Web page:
To 1,740,000 selfless people: thank you

Here’s a thought: how many people in Britain do you think are real net contributors to the Exchequer?

In other words, how many of us pay more in contributions (NI and tax) than we consume in public services?

I’m interested in this question, because it’ll show just how few people Labour’s harebrained profligacy is really hurting. These people, probably a surprisingly small minority who basically subsidise everyone else, never get thanked for their contributions, never get recognised by the majority who are net drains on the economy. They’re just seen as ATMs.

(I’m not blowing my own trumpet here. While I live in a city (lower unit cost of service provision), don’t have kids, and have private medical and pension – making me much less of a burden to the Exchequer than, say, you – I’m not exactly paying high taxes after a year at university, so for the moment I’ll consider myself a drainer rather than a contributor).

And I bet few of us realise we’re drainers. The cost of public services per citizen is approximately £7700 (or £9600 if only adults are counted) per year. The mean UK income is barely £21000, which carries a tax burden of about £5500. On this broad measure, you need to earn £30,500 before you’re paying your own way in the UK. (A modal distribution would of course be a better way to model this but I can’t find the figures.)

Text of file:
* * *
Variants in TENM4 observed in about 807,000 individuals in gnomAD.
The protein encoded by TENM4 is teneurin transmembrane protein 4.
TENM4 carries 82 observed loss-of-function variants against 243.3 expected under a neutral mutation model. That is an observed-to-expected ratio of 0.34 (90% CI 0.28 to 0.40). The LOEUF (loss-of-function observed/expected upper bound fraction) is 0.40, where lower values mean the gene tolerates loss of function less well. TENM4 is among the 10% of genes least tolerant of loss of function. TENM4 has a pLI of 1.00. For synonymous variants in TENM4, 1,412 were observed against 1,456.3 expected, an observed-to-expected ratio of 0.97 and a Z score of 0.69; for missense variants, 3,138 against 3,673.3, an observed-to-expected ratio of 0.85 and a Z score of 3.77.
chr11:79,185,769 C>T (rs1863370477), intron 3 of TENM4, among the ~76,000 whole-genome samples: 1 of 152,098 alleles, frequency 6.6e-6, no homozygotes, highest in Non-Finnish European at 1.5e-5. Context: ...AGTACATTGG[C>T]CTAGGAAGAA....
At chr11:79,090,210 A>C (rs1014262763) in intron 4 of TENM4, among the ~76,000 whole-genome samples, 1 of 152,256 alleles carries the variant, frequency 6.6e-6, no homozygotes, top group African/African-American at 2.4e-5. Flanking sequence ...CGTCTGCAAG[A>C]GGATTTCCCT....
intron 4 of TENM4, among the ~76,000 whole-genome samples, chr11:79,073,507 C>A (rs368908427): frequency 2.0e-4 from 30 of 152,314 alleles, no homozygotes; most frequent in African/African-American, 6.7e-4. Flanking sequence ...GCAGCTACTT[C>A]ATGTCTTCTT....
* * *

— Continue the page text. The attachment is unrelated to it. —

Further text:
Some interesting conclusions can be drawn here. If you make under £30500, you’re technically not entitled to complain about New Labour’s wastefulness, because no matter how much our hapless Chancellor squanders, you’re not (directly) paying for his profligacy; you’re more likely a recipient of it. Presumably this is the only reason Labour ever gets to govern.

If you have children, you’re almost certainly a net drain, unless they’re in private school. If you work for Britain’s bloated public sector, you’re definitely a drainer, since the taxes you pay just go in a circle and back into your salary again; you make zero net contribution no matter how high your generous government salary is. (And in Brown’s Britain, public sector salaries are very, very generous – not to mention the sheer number of public servants, which has grown massively under New Labour.)

The same’s true if you live in the countryside: higher fixed costs of service provision (further for the garbage truck to go, fewer people to absorb a hospital’s high setup costs) may mean all countryside dwellers are drainers.

I have seen a calculation for Scotland only; it seems the figure may be as low as 150,000 net contributors, for a population of 5m. Imagine if the same proportions hold true for the UK as a whole. Fewer than 2m people make Britain’s fat wodge of public services viable for the entire population of 58m. The rest are simply spongers, wasters, or at best what management accountants call ‘contribution’: paying a bit towards costs, but not their fair share.

My new hero? Simon Cowell. His personal tax bill came in at over £20m – meaning he’s actually declaring his £50m income outright, instead of funnelling it offshore. What a guy. You thought watching Pop Thingy was fattening his bank account? Nope, he’s paying for the entire audience’s street cleaning.

I think these 1,740,000 people who support the entire UK deserve a word of thanks. Yet of course, from this ungrateful, spendthrift government, they won’t get one.

(Yes, the above is slightly tongue in cheek, since it doesn’t take account of corporate taxes or investment finance. But only slightly, because the principle seems sound.)

Thoughts, fellow drainers?

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